About 2 weeks ago, K24 launched ‘The Trend’ clone dubbed Talk Central. It will be hosted by Eric Njoka and will air every Thursday night.

On its debut episode, Eric hosted Sharon Mundia and social media bigwig @Xtiandela. As we reported then, by hosting it on Thursday, K24 was obviously trying to avoid the same day and time slot as The Trend, which would have meant its death even before it started. They are also hoping to have the trending topics a day earlier than Larry Madowo, thus hopefully reduce his viewers.

Whether that will work will be a whole matter all together.

Here are some pictures from the first episode.

That new show has not amused Larry Madowo. On his Daily Nation FrontRow column this week, Larry comes very close to shaming Eric Njoka by name.

Titled: ‘Monkey see, monkey do: Kenyan copycats killed creative industry’, the opinion piece also talks about the Malia Obama dowry offer, and the other copycat who came forward with more cows, but it’s quite clear that what Larry really wants to talk about is Eric Njoka’s show.

Here’s an excerpt of his article.

Another Kenyan man has offered cows for Malia Obama’s hand in marriage. This time, it is a Maasai moran who’s putting up 500 cows if he gets to marry the 16-year-old daughter of President Obama.

I read the story with mounting irritation, both at the temerity of a grown man publicly asking to marry a minor, and the editors who determined that it was a good story.

The first two had birthed significant buzz on the Internet and hit international news outlets, so there must have been a desire to keep them coming.

I was surprised that confessed paedophiles were getting coverage from respectable media houses as if they were a true representation of the country’s menfolk. It is surprising, until you take into account the Kenyan approach to creativity: monkey see, monkey do.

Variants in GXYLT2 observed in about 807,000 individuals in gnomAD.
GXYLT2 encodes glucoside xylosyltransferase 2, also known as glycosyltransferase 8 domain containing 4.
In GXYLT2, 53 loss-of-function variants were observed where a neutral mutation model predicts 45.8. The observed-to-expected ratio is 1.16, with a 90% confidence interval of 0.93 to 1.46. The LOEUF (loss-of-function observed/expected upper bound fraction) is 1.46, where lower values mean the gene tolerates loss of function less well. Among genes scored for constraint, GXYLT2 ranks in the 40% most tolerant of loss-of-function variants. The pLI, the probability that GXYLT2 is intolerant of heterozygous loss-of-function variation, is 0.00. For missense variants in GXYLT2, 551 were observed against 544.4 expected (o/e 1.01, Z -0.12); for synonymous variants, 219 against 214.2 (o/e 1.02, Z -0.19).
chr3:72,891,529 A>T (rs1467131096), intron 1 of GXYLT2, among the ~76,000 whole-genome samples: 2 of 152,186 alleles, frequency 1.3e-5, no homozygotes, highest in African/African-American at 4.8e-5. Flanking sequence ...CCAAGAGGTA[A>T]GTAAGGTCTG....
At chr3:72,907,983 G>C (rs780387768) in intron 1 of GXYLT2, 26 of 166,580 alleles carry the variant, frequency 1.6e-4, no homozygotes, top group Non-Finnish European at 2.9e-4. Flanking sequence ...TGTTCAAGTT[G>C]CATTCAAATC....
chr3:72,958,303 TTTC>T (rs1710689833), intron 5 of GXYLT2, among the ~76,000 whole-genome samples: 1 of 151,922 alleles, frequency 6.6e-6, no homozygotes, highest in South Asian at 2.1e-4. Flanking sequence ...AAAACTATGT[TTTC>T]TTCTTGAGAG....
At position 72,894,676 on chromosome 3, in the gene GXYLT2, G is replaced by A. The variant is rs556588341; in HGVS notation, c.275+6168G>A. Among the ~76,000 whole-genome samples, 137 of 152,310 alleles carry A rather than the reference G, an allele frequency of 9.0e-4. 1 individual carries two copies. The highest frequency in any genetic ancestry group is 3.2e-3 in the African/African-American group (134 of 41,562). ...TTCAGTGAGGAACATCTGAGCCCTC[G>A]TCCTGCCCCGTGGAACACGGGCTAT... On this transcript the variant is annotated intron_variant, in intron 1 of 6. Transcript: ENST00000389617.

In December 2012, I took over a respectable, high-brow current affairs show called #theTrend after James Smart left NTV. I had just returned to the station, was not yet assigned to anchor a news broadcast and nobody was particularly keen on doing the show because no proper structure for it existed.

In just a few short weeks, I had run it to the ground with a vile variety of third-rate musicians, trending topics and, yes, socialites. For some bizarre reason that we are yet to understand, viewership numbers picked up and continue to do so today.


What was once a thoughtful discourse on leadership and topical issues quickly became a stopover for some washed-up artistes, wannabe prophets, visiting international has-beens and other miscellaneous entertainers.

We always assumed that people watched #theTrend to be ironic, considering how terrible a format it was. Nobody learned anything useful and we tried every possible way to get cancelled, including almost burning up the studio one time.

They rewarded our trainwreck of a show with an extra hour of airtime, maybe because it ran so late on Friday nights that none of our bosses had really ever watched it!

Time well wasted, we say all the time and make no effort to do a serious show. So you can imagine our surprise when almost all the other TV stations in the country came up with their own versions of #theTrend, some on the same time slot and based on the same central idea.

The Malia Obama proposal stories flourished in the media because nobody stopped to consider what message they were putting out.

The attention-seeking copycats equating women to a herd of cows should remember that this, too, was done before: 14 years ago, when a man offered 40 goats and 20 cows for Chelsea Clinton.

It’s almost as if there has been no original thought in a decade and a half in this country around courtship and impossible goals. That is hardly surprising, there are very few truly exceptional new thinkers running around in Kenya.

In business, politics and everyday life, only a handful are innovating. The rest are just copy-pasting.

A few years ago, there was a great big rush to set up Simu Ya Jamii micro-businesses. A great many people did, unaware that mobile phones were about to become ubiquitous and render that business obsolete.

Even though only a handful of people truly make money in matatus, that hasn’t stopped everyone else and their mother from pouring money down that drain.

On his Facebook, Larry actually revealed that he had called out his competitors by name before the editors ‘softened the sting’.


But one commenter was quick to tell him not to get ahead of himself. It happens everywhere.